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China’s Eyes in the Skies (Page 2 of 3)

By the end of the Cold War, the PLA had built up a large inventory of mostly reverse engineered Soviet air defence radars, and a good number of indigenous designs, many of which were very different from their Western and Soviet cousins. These were primarily used to support the large fleet of reverse engineered fighters that included the J-6 (MiG-19), the indigenous J-8 Finback interceptor aircraft, and a large inventory of HQ-1 and HQ-2 Guideline SAM batteries. Chinese personnel also reverse engineered and then improved on radars such as the Soviet P-12 Spoon Rest, as well as developing some unique indigenous ones such as the YJ-14 Great Wall.

During this period, the PLA air defence system would have been unable to stop either US combat aircraft or Soviet combat aircraft in high intensity conflict (and indeed would find even smaller regional air forces to be a major challenge).

But the post Cold War period saw unprecedented activity and investment in air defence equipment as well as the supporting C3 infrastructure. The full extent of this investment remains unclear, as disclosures are infrequent and often incomplete, meaning researchers must often resort to satellite imagery—or even military parade imagery—and then make a best guess about supporting capabilities based on what’s required to support a particular air defence weapon system.

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While China procured large numbers of Russian long range S-300PMU/PMU1/PMU2 / SA-10/20 SAM batteries and supporting radar equipment, primary search radars used for air defence were mostly designed and built in China.

During the 1990s the PLA initiated the development of a wide range of mostly highly mobile and survivable air defence radars, some of which were built to support the national air defence network, but many of which were also developed to provide air defences for army land force manoeuvre formations.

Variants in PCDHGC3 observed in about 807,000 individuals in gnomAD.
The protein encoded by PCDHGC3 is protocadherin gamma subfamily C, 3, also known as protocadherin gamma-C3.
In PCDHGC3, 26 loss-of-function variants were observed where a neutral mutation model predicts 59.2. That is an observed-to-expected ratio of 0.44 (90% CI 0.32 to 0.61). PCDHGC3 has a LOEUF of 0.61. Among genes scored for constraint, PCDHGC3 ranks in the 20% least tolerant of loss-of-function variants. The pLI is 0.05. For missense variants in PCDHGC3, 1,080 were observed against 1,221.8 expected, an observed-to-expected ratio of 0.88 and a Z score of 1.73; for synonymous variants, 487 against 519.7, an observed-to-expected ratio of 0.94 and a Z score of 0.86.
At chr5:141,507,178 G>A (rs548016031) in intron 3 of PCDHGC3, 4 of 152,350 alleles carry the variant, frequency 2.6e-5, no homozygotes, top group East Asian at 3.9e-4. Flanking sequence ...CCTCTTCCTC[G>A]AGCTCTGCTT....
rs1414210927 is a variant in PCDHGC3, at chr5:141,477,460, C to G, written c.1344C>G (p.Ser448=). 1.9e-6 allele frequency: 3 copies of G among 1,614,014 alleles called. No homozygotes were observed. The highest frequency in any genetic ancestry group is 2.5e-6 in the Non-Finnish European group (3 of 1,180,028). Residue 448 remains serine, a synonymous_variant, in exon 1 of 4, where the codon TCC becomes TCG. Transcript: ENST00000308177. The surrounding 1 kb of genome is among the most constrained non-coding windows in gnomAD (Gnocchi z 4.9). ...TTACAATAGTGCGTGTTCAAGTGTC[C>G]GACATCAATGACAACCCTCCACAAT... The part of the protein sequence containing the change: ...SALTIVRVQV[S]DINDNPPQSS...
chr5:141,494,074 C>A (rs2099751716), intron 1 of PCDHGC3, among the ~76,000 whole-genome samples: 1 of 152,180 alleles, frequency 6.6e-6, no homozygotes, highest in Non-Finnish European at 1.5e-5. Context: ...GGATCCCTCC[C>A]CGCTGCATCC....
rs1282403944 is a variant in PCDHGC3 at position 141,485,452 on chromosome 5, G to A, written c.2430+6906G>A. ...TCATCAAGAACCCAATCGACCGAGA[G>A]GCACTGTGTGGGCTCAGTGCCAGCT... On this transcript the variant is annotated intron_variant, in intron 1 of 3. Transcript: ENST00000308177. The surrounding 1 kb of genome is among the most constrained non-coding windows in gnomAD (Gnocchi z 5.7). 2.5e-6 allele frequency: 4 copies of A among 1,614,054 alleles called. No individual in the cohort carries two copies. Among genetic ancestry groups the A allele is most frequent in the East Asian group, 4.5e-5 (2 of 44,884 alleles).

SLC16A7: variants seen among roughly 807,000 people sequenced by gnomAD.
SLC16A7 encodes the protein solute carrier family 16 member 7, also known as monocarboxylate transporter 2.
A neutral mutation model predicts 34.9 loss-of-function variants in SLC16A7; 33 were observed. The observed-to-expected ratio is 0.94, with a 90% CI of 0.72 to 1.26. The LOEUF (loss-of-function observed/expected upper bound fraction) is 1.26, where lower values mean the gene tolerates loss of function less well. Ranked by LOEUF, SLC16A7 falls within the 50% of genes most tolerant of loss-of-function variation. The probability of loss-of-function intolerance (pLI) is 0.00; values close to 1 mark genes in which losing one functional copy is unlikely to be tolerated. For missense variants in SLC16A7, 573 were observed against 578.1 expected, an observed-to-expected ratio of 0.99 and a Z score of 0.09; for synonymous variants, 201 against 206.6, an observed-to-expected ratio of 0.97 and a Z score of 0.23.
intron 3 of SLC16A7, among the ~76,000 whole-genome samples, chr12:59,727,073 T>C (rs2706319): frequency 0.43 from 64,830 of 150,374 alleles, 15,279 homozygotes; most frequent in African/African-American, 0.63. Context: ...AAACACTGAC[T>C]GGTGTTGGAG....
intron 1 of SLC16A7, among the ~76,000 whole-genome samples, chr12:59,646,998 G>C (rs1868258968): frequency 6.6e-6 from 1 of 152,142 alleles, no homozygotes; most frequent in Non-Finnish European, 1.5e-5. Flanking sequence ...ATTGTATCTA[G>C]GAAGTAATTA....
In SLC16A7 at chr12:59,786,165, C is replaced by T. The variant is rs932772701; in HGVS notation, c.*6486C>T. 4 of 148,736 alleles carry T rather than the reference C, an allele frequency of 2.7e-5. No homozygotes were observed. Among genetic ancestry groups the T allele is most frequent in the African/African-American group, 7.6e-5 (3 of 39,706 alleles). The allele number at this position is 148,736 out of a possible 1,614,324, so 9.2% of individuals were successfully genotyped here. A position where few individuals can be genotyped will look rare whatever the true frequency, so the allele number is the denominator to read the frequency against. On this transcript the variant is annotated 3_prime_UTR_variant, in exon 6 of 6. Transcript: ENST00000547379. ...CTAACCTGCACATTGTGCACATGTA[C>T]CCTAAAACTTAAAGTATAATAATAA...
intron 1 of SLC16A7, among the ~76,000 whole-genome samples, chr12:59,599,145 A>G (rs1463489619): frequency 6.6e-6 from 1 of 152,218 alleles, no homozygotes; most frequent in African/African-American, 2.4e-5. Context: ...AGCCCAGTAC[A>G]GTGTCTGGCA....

After 2000, most of these indigenous air defence radars appeared on the global market, with exports in recent years most notably going to Latin America (radars such as the JL-3D are technologically similar to those currently used by US, EU and Russian air defences—indeed, in many instances they’re variations of foreign types, including a number of Russian ‘counter-stealth’ radars).  

Meanwhile, passive detection systems are also being developed, which are intended to be able to identify and locate hostile aircraft by ‘sniffing’ their radar and radio emissions. The recently revealed CETC DWL002 emitter locating system, for example, is modelled on the potent Czech developed Tamara/Vera/Borap series, but with one important improvement—the ability to locate a target in three dimensions, something vital for targeting air defence weapons. Like the new generation air defence, this new system is highly mobile and difficult to locate and destroy in combat.

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